Unlike the other driver’s insurance company, you may believe that your own insurer will be “on your side.” However, in reality, insurers often drag their feet on paying claims or fail to pay what a crash victim deserves. If this happens to you, you should immediately get help from an experienced car accident attorney.

Contacting an Auto Insurance Company to File a Claim

The process of filing an auto accident claim with your insurance company should be a smooth process. As stated above, the insurer should send you forms or provide a way for you to file your claim online. You should be prepared to provide information such as:

  • Your policy number and car information.
  • Your contact information and best time to contact you
  • Insurance information for any other parties involved in the crash
  • Witness contact information
  • A description of the accident
  • The investigating police officer’s name and badge number and /or the number of the police accident report.

After you file a claim, an insurance adjuster will likely contact you. If you talk with the adjuster, you should:

  • Answer questions honestly and directly
  • Do not volunteer information or state any opinions
  • Never admit or accept blame for the accident.
  • Do not downplay your injuries or other losses.

Generally, the sooner you contact a lawyer, the better off you will be when you deal with insurance companies. A lawyer from Marks & Harrison, for instance, can handle all communication with both your own insurance company and the other driver’s insurer. If the insurer makes a settlement offer, your attorney can present the offer to you and advise you on whether it meets your objectives. While your lawyer deals with the insurance company, you can focus on what is important: Your physical and mental health and your family.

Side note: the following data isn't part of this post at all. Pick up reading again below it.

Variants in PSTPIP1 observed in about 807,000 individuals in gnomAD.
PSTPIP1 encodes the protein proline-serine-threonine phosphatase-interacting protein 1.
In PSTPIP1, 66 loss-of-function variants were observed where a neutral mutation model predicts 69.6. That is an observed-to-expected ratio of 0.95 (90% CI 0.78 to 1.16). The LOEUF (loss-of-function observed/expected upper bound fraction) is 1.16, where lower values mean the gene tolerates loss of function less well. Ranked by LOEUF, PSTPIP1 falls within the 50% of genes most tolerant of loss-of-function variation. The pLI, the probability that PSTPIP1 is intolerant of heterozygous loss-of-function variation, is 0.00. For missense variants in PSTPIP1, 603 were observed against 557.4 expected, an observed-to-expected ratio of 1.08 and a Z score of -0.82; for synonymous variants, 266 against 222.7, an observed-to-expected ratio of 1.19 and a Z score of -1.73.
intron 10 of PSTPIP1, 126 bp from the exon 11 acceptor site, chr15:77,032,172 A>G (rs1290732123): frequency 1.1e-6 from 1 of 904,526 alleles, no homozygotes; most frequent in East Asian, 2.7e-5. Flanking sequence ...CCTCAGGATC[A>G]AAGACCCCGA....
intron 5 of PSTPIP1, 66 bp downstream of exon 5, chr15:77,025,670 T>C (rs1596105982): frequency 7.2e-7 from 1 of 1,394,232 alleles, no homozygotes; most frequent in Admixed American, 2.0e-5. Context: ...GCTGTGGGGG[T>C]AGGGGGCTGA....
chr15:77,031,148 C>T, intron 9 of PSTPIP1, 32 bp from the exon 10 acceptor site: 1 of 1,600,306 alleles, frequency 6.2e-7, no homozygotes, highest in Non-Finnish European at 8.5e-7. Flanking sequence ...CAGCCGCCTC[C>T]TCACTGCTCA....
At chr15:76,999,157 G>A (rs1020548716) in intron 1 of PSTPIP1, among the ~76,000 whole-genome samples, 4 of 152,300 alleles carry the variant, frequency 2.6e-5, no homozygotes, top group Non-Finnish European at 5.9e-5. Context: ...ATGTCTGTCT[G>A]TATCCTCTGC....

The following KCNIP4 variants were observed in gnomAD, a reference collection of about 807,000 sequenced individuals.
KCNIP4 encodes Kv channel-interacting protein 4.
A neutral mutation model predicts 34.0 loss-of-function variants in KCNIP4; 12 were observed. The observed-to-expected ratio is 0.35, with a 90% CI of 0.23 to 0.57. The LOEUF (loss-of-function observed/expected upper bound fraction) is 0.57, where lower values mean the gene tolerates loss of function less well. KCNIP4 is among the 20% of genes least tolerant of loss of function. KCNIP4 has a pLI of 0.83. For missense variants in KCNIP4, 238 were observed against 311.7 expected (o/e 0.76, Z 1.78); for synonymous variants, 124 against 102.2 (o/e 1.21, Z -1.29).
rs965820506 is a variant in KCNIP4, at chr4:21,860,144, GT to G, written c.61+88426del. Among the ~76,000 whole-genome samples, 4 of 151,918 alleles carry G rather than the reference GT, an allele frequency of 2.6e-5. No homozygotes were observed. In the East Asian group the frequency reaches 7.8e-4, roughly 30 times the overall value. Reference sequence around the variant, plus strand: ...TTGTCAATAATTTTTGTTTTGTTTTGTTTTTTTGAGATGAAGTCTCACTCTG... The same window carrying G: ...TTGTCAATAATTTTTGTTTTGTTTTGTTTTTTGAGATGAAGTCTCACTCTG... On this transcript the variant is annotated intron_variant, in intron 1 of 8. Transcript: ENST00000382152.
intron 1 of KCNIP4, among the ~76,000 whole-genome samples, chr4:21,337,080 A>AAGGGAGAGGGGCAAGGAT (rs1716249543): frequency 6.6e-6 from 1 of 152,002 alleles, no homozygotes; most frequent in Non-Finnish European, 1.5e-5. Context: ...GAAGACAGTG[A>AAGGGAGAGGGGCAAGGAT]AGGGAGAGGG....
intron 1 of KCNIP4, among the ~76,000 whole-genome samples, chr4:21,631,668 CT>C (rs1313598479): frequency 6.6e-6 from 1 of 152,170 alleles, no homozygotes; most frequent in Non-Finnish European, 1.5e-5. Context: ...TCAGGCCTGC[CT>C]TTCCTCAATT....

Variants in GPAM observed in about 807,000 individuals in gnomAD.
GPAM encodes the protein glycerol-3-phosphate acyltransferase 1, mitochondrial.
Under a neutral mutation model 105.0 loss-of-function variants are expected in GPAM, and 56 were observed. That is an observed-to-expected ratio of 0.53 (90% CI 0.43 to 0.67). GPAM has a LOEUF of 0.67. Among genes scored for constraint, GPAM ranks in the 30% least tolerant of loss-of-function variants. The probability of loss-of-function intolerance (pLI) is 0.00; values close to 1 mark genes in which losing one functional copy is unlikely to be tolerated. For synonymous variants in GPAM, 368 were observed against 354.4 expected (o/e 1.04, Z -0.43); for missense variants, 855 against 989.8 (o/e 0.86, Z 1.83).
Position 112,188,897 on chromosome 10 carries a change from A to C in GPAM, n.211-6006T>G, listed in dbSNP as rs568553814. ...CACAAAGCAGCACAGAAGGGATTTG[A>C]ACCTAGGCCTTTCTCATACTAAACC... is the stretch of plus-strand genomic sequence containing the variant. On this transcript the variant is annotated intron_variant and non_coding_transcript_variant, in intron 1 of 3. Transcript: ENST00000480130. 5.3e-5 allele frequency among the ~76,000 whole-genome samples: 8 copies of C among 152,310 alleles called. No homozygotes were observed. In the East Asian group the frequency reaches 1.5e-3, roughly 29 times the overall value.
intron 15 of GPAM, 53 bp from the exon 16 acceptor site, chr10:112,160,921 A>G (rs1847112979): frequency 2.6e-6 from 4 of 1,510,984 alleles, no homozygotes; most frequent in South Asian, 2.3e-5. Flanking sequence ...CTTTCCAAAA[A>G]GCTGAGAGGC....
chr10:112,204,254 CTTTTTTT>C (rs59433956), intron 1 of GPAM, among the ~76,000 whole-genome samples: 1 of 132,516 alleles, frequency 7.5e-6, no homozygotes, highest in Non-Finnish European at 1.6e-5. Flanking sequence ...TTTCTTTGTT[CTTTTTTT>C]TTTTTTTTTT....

Remember: You have no obligation to talk to the other driver’s insurer or lawyer. If they contact you, you can simply refer them to your attorney.

Our Virginia Car Accident Lawyers Are Ready to Help You

Insurance company representatives will inevitably work to protect their own interests by minimizing the amounts paid out in car accident claims or rejecting claims altogether. If you have a Marks & Harrison car accident lawyer on your side, however, you will have a dedicated legal advocate to protect your rights and fight to obtain maximum compensation for your losses. Contact our Virginia automobile accident attorneys today for a free, no-obligation and confidential consultation about pursuing an insurance claim after an accident. Our firm can review your case through any one of our 10 offices located throughout the state.

Ryan T. Walker joined Marks & Harrison in 2014 after working for GEICO on the defense side of personal injury cases. A graduate of Virginia Military Institute and the Florida State University College of Law, Ryan has practiced exclusively in the area of civil litigation throughout his legal career, with an emphasis on personal injury law. He has vast experience in automobile accident litigation. In addition to being licensed to practice in all of Virginia's state courts, Ryan is admitted to practice in the U.S. District Courts for the Eastern and Western Districts of Virginia.